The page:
Caffeine and Energy Drinks–Is it too Much?

Caffeine Labeling: Can You Trust It?

This past November, you probably saw that the FDA warned of the possible involvement of three brands of energy drinks—5-Hour Energy, Monster Energy and Rockstar Energy—in 13 deaths over the past four years. We’re not talking about uncomfortable side effects here—we’re talking about deaths.

Now, it’s not yet known whether these drinks caused the deaths, and if they did, it’s unknown which particular ingredient(s) are to blame. But one of the main ingredients in these drinks, as we all know, is caffeine. Some people can consume lots of caffeine and experience no side effects, but others are naturally more sensitive to the substance, and the more they consume (especially within a short time frame), the more likely they are to experience side effects, including jitters, nervousness, insomnia, palpitations, heart-rhythm changes and even death from overdosing or a heart arrhythmia.

All of which makes you wonder—how much caffeine is actually in energy drinks…and are those amounts safe? The problem, which new research from Consumer Reports brings to light, is that many of the companies that make energy drinks don’t list caffeine content on labels—and those that do aren’t always truthful.


Gayle Williams, deputy health editor at Consumer Reports, and her colleagues investigated 27 top-selling energy drinks and made a number of interesting discoveries. I chatted with Williams and she broke down the major findings for me…

Caffeine content varies widely. It ranged from a mere 6 milligrams (mg) per serving (ironically, for 5-Hour Energy “Decaf”) to well over 200 mg per serving. The drinks with the most caffeine per serving were:

Full Throttle (210 mg)

Celsius Your Ultimate Fitness Partner (212 mg)

5-hour Energy (215 mg)

Monster X-presso (221 mg)

NOS High Performance Energy Drink (224 mg)

Rockstar Energy Shot (229 mg)

5-hour Energy Extra Strength (242 mg).

To give you some caffeine context, an eight-ounce cup of coffee contains roughly 95 mg to 200 mg of caffeine, according to the Mayo Clinic.

Many don’t label caffeine content. More than one-third of the drinks analyzed—11, to be exact—did not list caffeine content on their nutrition labels. Why? Companies are typically reluctant to share proprietary recipes, so that may be part of the reason, but get this—there is no legal requirement to do so. I don’t know about you, but I find this unacceptable (more on that in a minute).

Many labels lie. Of the 16 drinks that did list caffeine content, researchers discovered that the information was often wrong! Five of the drinks—Arizona Energy, Clif Shot Turbo Energy Gel, Nestle Jamba, Sambazon Organic Amazon Energy and Venom Energy—contained at least 20% more caffeine than was listed on their labels. This finding also really bothers me—where do these companies get off?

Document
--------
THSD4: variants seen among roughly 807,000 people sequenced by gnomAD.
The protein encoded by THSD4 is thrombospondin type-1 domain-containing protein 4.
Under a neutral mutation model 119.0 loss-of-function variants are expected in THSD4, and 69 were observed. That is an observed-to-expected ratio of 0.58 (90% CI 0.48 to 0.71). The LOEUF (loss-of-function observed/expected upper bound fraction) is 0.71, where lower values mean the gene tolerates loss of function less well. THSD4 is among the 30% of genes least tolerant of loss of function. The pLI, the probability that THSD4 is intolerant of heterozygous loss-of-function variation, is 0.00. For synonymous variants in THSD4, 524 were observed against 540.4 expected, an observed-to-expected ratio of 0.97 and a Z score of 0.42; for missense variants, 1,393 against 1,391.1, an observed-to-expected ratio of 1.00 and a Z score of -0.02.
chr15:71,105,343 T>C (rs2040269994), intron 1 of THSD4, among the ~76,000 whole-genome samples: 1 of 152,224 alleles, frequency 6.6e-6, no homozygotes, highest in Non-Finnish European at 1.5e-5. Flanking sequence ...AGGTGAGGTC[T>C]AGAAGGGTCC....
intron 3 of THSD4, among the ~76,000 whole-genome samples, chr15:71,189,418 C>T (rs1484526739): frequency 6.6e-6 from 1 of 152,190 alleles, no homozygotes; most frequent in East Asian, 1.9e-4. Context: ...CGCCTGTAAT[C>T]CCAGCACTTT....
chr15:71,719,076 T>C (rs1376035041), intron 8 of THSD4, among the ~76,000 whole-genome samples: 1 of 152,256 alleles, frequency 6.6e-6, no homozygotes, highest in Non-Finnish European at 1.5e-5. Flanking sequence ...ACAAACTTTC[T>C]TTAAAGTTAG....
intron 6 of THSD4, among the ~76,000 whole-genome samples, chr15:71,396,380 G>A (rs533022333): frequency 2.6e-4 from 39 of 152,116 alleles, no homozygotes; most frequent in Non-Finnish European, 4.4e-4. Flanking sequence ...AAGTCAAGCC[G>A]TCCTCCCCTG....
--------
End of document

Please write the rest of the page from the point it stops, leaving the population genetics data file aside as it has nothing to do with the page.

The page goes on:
You might be thinking: Well, if an eight-ounce cup of coffee has roughly 95 mg to 200 mg caffeine, and these drinks don’t have a lot more than that per serving, then what’s the big deal? The size of these energy drinks impacts the way many consumers drink them. For example, 5-Hour-Energy is about two ounces in size, so it’s only slightly larger than a shot glass (1.5 ounces). Since the containers are so small and the amounts seemingly insignificant, many people buy two or even three of them and chug them all in a row. With other energy drinks, such as Monster Energy and Rockstar Energy, the “serving size” listed on the label is eight ounces, but the cans are available in massive sizes, such as 16 ounces and 24 ounces. As a result, many people drink the entire can at once—consuming up to three servings. So in reality, some people who drink these beverages will be quickly consuming more like 400 mg to 700 mg of caffeine (possibly even more, since the caffeine content in some energy drinks is unknown)—along with all the sugar found in most of these drinks, which makes the jolt that much more powerful.

Personally, I wish that regulators would be more forceful when it comes to regulating caffeine content and labeling, especially considering that these drinks really are not thought of as drugs—even though caffeine is a drug. Plus, even though many of these drinks carry labels that say that children shouldn’t consume them, it’s all too easy for kids to get their hands on these types of beverages and ignore the caution.

I’d love to hear readers’ thoughts on whether caffeine regulations should be tougher, so feel free to leave a comment below the story.


The jury is still out on exactly how much caffeine is considered “safe”—what makes this a controversial topic is the fact that different people may respond to caffeine quite differently. As I mentioned earlier, some people experience side effects from consuming very small amounts of caffeine, while others don’t.

Caffeine can also exacerbate certain medical problems—for example, doctors often tell people with high blood pressure or heart disease to either avoid or at least cut back on caffeine.

So if you’re healthy and not overly sensitive to caffeine and you have one serving of an energy drink a day, it’s probably not going to cause you any harm. But if you consume multiple servings a day—especially if you experience any of the side effects mentioned above—talk to your doctor to make sure that you’re not overdoing it.

And remember that there are few (if any) nutritional benefits in consuming these types of energy drinks. If it’s caffeine that you’re after, you can get your jolt (minus all the sugar) and know exactly how much you’re getting by taking a caffeine pill…or, better yet, get some nutrients along with your caffeine by drinking coffee or tea.

Source: Gayle Williams, deputy health editor, Consumer Reports. The report on caffeine in energy drinks was published in the December 2012 issue.


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